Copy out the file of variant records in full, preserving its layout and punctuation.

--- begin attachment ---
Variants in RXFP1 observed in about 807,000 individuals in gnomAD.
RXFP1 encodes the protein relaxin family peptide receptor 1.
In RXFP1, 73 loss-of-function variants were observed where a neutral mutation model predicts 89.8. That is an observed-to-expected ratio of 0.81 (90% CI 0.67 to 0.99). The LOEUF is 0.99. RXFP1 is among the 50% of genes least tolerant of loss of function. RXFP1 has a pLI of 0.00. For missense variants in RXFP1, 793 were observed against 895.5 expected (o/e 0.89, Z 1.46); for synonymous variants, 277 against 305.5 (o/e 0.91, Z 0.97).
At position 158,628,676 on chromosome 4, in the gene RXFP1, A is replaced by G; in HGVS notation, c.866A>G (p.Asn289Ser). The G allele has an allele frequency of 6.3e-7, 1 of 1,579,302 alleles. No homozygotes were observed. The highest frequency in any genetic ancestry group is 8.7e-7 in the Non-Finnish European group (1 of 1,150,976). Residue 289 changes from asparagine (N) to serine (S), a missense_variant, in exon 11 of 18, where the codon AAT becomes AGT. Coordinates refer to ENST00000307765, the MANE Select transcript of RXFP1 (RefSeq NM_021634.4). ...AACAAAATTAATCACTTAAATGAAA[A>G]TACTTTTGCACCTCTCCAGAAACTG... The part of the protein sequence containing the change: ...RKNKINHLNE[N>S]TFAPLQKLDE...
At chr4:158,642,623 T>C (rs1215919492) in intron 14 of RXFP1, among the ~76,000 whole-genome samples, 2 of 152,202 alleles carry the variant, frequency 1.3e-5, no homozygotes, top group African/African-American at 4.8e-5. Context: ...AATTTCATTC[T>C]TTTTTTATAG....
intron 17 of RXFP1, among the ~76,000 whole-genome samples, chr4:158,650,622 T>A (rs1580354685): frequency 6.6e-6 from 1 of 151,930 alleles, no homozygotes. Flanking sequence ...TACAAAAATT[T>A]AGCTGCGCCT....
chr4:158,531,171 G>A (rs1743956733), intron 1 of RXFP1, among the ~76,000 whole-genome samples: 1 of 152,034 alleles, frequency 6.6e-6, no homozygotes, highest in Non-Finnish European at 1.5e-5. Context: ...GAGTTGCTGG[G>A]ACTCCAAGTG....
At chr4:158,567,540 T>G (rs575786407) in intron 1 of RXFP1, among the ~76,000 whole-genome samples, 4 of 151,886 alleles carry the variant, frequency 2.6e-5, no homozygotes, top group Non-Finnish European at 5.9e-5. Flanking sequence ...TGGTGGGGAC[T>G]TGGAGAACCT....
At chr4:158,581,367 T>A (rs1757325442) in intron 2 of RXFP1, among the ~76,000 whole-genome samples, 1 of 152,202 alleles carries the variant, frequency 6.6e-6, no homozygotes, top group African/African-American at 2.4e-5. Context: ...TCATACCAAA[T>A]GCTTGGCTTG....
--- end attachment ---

Variants in RXFP1 observed in about 807,000 individuals in gnomAD.
RXFP1 encodes the protein relaxin family peptide receptor 1.
In RXFP1, 73 loss-of-function variants were observed where a neutral mutation model predicts 89.8. That is an observed-to-expected ratio of 0.81 (90% CI 0.67 to 0.99). The LOEUF is 0.99. RXFP1 is among the 50% of genes least tolerant of loss of function. RXFP1 has a pLI of 0.00. For missense variants in RXFP1, 793 were observed against 895.5 expected (o/e 0.89, Z 1.46); for synonymous variants, 277 against 305.5 (o/e 0.91, Z 0.97).
At position 158,628,676 on chromosome 4, in the gene RXFP1, A is replaced by G; in HGVS notation, c.866A>G (p.Asn289Ser). The G allele has an allele frequency of 6.3e-7, 1 of 1,579,302 alleles. No homozygotes were observed. The highest frequency in any genetic ancestry group is 8.7e-7 in the Non-Finnish European group (1 of 1,150,976). Residue 289 changes from asparagine (N) to serine (S), a missense_variant, in exon 11 of 18, where the codon AAT becomes AGT. Coordinates refer to ENST00000307765, the MANE Select transcript of RXFP1 (RefSeq NM_021634.4). ...AACAAAATTAATCACTTAAATGAAA[A>G]TACTTTTGCACCTCTCCAGAAACTG... The part of the protein sequence containing the change: ...RKNKINHLNE[N>S]TFAPLQKLDE...
At chr4:158,642,623 T>C (rs1215919492) in intron 14 of RXFP1, among the ~76,000 whole-genome samples, 2 of 152,202 alleles carry the variant, frequency 1.3e-5, no homozygotes, top group African/African-American at 4.8e-5. Context: ...AATTTCATTC[T>C]TTTTTTATAG....
intron 17 of RXFP1, among the ~76,000 whole-genome samples, chr4:158,650,622 T>A (rs1580354685): frequency 6.6e-6 from 1 of 151,930 alleles, no homozygotes. Flanking sequence ...TACAAAAATT[T>A]AGCTGCGCCT....
chr4:158,531,171 G>A (rs1743956733), intron 1 of RXFP1, among the ~76,000 whole-genome samples: 1 of 152,034 alleles, frequency 6.6e-6, no homozygotes, highest in Non-Finnish European at 1.5e-5. Context: ...GAGTTGCTGG[G>A]ACTCCAAGTG....
At chr4:158,567,540 T>G (rs575786407) in intron 1 of RXFP1, among the ~76,000 whole-genome samples, 4 of 151,886 alleles carry the variant, frequency 2.6e-5, no homozygotes, top group Non-Finnish European at 5.9e-5. Flanking sequence ...TGGTGGGGAC[T>G]TGGAGAACCT....
At chr4:158,581,367 T>A (rs1757325442) in intron 2 of RXFP1, among the ~76,000 whole-genome samples, 1 of 152,202 alleles carries the variant, frequency 6.6e-6, no homozygotes, top group African/African-American at 2.4e-5. Context: ...TCATACCAAA[T>A]GCTTGGCTTG....